Posted by AzBlueMeanie:
The Supreme Court took off of its docket, and thus will not decide, a plea by the state of Oklahoma to revive a law that restricts doctors’ use of drugs rather than surgery to perform an abortion with the medication RU-486 and others. Lyle Denniston at SCOTUSblog reports, Court won’t rule on RU-486 abortions:
In a one-sentence order, the Court dismissed as “improvidently granted” the case of Cline v. Oklahoma Coalition for Reproductive Justice (docket 12-1094). In issuing other orders, the Court granted no new cases for review.
Meanwhile, a group of women’s health clinics and doctors in Texas asked that the Court at least temporarily a new Texas law that forbids doctors to perform abortions at a clinic unless those physicians have professional privileges at a hospital within thirty miles of that site. The Fifth Circuit Court on Thursday allowed that requirement to go into effect, resulting in closing a number of abortion clinics across the state. The application to set aside that order was filed initially with Justice Antonin Scalia, who is the Circuit Justice for the geographic area that includes Texas. He has the authority to decide the issue himself, or share it with his colleagues.
The application is Planned Parenthood of Greater Texas Surgical Health Services v. Abbott (13A452). Justice Scalia immediately asked for the state to respond by 4 p.m. on Tuesday, November 12. The new Texas law also involved a broad restriction on doctors’ option of performing medical abortions with the drug RU-486 and other medications, and that, too, has been allowed to take effect at least in part. The abortion providers’ request to the Supreme Court on Monday, however, did not ask the Justices to take any action on that provision.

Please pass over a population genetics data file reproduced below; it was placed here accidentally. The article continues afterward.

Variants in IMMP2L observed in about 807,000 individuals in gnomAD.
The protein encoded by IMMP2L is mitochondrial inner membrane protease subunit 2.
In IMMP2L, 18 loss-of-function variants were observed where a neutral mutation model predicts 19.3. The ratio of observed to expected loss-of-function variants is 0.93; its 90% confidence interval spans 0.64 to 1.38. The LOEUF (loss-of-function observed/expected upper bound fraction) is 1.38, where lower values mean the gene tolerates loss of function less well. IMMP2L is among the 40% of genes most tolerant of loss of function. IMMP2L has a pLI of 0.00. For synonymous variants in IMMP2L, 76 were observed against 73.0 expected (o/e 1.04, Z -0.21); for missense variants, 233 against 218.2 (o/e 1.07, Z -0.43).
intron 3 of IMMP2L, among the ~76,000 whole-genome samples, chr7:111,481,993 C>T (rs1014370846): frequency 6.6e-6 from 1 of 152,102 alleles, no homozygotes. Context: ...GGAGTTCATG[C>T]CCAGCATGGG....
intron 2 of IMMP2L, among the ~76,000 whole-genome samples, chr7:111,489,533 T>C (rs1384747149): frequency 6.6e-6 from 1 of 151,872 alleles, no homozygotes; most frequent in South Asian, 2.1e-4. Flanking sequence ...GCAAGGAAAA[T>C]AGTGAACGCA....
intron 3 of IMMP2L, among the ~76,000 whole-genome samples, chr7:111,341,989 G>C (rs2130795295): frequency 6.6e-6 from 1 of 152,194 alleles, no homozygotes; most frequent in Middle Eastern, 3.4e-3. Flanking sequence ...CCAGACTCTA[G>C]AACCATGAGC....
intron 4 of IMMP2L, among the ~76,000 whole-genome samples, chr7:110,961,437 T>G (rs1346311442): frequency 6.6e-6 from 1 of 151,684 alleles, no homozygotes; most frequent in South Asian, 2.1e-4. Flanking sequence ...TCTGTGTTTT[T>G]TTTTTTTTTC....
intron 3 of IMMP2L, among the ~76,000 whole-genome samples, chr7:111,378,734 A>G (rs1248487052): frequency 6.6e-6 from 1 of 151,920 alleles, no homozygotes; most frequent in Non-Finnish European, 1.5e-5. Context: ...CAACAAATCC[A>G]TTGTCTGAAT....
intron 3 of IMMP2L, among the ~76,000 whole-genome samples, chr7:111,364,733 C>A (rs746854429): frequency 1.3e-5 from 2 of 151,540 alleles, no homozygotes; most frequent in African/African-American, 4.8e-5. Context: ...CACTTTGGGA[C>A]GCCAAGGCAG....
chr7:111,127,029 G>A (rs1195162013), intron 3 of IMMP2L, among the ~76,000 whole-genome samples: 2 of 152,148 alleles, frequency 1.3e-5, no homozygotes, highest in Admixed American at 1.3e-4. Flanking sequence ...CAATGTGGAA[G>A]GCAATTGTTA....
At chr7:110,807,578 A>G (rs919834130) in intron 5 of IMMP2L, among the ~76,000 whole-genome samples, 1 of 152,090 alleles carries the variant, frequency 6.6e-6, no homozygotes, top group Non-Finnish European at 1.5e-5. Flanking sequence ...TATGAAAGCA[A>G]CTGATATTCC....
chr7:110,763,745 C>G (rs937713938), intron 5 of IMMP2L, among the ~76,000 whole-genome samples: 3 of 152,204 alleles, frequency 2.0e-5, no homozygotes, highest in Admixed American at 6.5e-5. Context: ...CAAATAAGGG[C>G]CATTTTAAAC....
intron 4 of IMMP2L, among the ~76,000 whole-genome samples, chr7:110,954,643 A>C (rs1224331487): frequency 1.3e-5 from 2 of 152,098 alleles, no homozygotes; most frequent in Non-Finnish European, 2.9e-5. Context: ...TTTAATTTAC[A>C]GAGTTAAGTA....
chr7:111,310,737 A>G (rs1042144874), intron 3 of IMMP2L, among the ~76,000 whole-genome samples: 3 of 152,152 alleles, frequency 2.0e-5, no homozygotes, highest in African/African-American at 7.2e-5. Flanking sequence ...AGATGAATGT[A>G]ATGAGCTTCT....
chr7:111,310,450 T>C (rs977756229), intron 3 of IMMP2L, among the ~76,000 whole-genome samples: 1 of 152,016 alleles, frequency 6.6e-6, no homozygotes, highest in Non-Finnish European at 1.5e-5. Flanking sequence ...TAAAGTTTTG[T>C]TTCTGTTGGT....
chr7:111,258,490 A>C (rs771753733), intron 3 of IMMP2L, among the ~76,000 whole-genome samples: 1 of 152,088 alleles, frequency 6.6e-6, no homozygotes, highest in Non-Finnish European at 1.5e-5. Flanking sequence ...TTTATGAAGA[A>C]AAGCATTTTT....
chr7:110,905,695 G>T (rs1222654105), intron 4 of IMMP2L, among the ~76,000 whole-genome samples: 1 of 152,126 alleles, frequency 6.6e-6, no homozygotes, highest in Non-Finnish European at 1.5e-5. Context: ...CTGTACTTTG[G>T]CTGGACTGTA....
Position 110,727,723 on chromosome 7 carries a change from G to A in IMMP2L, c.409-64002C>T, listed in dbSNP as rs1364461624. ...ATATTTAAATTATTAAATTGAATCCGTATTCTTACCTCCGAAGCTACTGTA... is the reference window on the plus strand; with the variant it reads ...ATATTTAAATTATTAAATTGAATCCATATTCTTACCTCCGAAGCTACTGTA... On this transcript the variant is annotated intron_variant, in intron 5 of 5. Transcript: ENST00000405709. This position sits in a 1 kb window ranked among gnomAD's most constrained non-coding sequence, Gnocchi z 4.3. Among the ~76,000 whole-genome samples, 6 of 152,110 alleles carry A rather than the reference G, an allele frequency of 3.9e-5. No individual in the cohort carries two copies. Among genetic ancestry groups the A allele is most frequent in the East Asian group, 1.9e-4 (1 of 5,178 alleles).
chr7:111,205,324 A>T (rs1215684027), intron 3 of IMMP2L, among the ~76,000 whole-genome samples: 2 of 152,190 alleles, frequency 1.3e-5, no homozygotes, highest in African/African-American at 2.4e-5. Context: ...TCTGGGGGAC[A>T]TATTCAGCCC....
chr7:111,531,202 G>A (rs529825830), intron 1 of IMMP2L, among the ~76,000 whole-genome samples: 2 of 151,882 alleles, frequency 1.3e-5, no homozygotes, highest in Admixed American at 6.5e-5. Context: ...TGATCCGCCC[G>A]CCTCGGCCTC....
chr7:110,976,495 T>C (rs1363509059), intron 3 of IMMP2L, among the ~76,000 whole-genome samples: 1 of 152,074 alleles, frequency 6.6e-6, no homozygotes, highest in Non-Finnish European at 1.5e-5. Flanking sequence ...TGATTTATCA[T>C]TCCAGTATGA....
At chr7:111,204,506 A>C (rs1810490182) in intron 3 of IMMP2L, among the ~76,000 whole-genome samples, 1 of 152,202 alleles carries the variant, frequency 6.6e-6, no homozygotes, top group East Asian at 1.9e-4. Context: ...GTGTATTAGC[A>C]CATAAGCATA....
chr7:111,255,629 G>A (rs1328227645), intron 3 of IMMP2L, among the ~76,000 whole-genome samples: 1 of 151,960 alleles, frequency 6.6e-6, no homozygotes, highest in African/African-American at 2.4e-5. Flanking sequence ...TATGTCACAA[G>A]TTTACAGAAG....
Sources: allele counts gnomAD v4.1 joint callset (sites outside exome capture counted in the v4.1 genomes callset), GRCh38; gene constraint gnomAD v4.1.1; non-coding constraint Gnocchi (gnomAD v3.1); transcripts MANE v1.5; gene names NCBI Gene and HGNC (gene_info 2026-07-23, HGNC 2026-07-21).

The Oklahoma medical abortion case had been granted review last June by the Court but, at that time, the Court asked the Oklahoma Supreme Court to clarify the scope of the 2011 state law that restricted medical abortion procedures. Last week, the state court answered the questions, saying that the state law was so broad that it would outlaw any abortions in the state using drugs rather than surgery.
The Justices had put their review of the Cline case on hold until after getting the state court’s reply. With that in hand, the Court simply chose to end its review of that case without a decision. That makes final the state court’s earlier decision striking down the law. That means that, at least for the time being, lower courts will be left to review the constitutionality of an increasing number of state laws that limit or ban medical abortions.
With the emergency application filed in the Texas case, the Court — or at least Justice Scalia — has pending for the first time a controversy over a state law requiring doctors to have admitting privileges at a nearby hospital before they may perform abortions at a clinic or in a doctor’s office. Texas included such a provision in its new anti-abortion law. A federal judge blocked the enforcement of that provision, finding that it would put an unconstitutional burden on the right of women to seek abortions. The Fifth Circuit Court, however, voted later last week to let that provision take effect.
Justice Scalia’s request to the state of Texas for a response to the application will leave that provision in effect for at least another eight days.